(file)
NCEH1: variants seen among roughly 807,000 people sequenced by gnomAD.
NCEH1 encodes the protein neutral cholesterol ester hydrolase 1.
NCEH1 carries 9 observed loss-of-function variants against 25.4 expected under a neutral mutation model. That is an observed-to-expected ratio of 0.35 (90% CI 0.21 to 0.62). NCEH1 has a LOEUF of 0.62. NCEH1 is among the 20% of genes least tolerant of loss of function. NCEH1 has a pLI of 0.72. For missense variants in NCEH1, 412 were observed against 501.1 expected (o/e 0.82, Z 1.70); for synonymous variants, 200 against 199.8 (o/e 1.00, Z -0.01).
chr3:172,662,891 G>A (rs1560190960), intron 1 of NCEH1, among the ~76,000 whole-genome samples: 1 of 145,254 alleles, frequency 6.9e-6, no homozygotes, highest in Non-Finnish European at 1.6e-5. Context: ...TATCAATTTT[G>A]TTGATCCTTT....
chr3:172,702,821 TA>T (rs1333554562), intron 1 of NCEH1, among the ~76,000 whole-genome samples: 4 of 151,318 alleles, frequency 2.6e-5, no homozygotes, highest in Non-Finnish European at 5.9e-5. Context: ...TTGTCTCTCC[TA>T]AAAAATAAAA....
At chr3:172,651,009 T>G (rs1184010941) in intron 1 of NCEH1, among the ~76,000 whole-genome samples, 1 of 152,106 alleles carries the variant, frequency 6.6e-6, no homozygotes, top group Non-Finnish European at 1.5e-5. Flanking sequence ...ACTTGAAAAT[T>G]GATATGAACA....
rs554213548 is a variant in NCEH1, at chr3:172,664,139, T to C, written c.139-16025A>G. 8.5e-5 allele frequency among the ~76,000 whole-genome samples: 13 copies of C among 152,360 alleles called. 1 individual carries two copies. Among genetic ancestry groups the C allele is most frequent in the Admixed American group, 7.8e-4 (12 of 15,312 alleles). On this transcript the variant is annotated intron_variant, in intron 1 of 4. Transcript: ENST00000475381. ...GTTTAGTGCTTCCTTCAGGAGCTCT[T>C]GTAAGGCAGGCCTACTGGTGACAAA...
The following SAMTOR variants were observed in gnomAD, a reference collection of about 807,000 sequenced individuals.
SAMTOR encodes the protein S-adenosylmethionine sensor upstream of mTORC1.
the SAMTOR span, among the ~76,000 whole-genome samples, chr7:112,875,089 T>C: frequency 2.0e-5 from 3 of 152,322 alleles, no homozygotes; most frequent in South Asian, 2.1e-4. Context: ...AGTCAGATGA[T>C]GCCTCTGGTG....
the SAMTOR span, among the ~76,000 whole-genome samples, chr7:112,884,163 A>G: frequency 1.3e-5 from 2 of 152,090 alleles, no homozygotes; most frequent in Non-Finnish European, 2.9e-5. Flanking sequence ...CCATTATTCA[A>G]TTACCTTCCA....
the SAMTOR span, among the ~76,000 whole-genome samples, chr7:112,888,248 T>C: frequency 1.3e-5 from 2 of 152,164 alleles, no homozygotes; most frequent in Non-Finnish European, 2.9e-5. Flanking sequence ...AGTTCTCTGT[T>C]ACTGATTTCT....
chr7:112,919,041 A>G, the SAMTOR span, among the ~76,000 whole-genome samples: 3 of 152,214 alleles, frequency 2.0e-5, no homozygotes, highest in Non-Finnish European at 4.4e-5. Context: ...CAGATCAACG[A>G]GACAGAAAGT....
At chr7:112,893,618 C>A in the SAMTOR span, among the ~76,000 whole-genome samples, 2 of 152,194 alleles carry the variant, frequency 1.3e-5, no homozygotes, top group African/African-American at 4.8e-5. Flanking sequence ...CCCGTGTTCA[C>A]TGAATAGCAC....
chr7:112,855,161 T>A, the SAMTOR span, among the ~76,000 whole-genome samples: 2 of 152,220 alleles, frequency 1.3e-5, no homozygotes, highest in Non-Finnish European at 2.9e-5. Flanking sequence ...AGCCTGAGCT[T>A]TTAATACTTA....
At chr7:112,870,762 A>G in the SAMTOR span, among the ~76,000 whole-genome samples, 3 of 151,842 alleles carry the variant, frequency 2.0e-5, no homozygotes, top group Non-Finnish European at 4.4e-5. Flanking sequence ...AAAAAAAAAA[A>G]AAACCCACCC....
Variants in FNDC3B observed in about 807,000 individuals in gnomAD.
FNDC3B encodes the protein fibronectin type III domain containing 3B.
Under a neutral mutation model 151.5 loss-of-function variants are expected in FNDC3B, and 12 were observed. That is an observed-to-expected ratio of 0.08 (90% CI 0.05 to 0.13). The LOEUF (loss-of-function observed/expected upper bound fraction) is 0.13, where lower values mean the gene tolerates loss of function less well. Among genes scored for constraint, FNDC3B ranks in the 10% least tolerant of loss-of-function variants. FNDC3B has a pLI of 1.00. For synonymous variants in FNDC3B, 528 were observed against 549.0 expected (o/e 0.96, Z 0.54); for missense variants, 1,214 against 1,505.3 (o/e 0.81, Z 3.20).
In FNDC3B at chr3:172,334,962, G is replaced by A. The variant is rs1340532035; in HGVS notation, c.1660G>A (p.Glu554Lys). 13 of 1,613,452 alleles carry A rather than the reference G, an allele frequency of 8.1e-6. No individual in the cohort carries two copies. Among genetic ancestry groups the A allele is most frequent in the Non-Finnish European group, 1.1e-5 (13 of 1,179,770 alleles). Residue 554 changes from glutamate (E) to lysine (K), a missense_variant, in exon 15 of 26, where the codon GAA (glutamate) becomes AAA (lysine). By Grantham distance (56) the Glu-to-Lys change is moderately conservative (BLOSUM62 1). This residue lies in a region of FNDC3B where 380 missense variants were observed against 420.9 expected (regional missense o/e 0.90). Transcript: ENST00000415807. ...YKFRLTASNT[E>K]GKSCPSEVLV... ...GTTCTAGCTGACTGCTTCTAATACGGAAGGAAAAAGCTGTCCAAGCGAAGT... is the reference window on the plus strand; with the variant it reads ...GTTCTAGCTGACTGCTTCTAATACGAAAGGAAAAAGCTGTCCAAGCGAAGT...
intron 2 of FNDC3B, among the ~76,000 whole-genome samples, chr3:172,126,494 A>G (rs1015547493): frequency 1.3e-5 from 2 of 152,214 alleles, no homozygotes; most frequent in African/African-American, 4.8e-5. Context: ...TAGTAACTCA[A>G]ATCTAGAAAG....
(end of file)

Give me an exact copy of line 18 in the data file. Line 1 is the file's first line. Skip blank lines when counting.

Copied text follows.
FNDC3B encodes the protein fibronectin type III domain containing 3B.